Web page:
Urbina, an alumnus of UNI, was excited to get connected with Tunno to create a Penn State presence in Peru.

"I thought it was important to give back to my university and to my country," he said. With Tunno and Trethewey, the threesome was able to create a partnership with not only UNI (a public school) but also with PUCP (a private school). In just over two years, the partnership has grown dramatically. There are already over a dozen joint research projects between Penn State and the two partners, involving professors from multiple campuses across the Commonwealth.

"It is very important to me to get the campuses involved. I believe we must provide opportunities for everyone," said Urbina.

While the research aspect is exciting, Tunno says he is mostly focused on undergraduate engagement. His aim is to increase mobility between the U.S. and Peru, and to ensure that all engineering students have the opportunity to have a study abroad experience, regardless of their background or financial need.

"There are studies that show a strong relationship between study abroad and student retention," Tunno said, "and this relationship is even stronger with underrepresented students and those with higher levels of financial need. So I want to increase the number of these students who go abroad. Studying abroad isn't a vacation — it's an experience that builds grit and creativity."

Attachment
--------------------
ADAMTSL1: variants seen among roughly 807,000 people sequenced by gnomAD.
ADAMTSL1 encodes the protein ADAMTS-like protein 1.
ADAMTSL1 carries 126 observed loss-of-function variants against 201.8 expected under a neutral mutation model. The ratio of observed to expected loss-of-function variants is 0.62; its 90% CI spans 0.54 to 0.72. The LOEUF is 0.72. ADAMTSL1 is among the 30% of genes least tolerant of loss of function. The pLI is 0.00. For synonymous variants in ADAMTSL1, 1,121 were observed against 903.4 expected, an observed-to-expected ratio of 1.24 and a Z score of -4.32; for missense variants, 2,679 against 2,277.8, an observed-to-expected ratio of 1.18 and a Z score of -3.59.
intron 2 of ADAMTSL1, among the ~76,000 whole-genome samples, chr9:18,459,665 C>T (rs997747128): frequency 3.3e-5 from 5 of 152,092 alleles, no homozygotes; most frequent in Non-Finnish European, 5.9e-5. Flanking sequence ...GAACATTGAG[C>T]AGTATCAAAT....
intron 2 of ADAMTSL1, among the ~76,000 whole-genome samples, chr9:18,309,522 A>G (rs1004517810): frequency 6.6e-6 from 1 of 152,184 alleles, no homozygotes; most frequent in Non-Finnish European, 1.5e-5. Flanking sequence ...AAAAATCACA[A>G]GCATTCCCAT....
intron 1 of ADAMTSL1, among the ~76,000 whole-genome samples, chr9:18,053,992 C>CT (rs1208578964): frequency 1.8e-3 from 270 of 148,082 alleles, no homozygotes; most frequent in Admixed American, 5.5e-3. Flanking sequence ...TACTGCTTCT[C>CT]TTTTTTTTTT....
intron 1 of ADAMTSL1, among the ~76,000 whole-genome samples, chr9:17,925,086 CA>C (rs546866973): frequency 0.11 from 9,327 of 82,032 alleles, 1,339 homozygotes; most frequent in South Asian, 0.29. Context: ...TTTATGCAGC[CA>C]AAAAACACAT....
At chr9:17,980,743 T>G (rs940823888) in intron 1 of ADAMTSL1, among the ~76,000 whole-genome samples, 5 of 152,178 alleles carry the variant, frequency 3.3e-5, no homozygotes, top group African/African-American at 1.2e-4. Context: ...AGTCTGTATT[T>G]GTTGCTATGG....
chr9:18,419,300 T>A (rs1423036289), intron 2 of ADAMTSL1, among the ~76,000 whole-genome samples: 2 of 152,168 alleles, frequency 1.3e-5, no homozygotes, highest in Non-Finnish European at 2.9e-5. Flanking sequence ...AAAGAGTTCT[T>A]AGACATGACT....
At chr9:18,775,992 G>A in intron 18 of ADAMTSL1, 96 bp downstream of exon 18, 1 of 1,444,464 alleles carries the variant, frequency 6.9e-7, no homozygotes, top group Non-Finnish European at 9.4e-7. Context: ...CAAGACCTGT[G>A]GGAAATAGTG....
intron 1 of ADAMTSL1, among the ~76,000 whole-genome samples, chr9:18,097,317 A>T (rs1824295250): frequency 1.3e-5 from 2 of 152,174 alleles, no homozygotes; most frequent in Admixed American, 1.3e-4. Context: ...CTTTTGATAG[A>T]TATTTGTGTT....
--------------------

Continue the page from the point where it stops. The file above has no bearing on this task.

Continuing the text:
In an effort to provide this experience, Tunno and Urbina worked together to create a unique course — the first of its kind. Using money received from a grant from the 100k Strong initiative, they designed a six-week course which will take place in Peru beginning this month. While the course comes from the College of Engineering, students from many majors will take part, and the course itself is not heavily technical.

"The course is open to all, though the focus will be on STEM and culture," said Urbina. "It is an exciting course where we will tailor to the types of students in the class. I believe this course will provide transformative opportunities in teaching."

Tunno has even more to say about the class.

"We really want to include students from across colleges, across campuses, across disciplines," he said.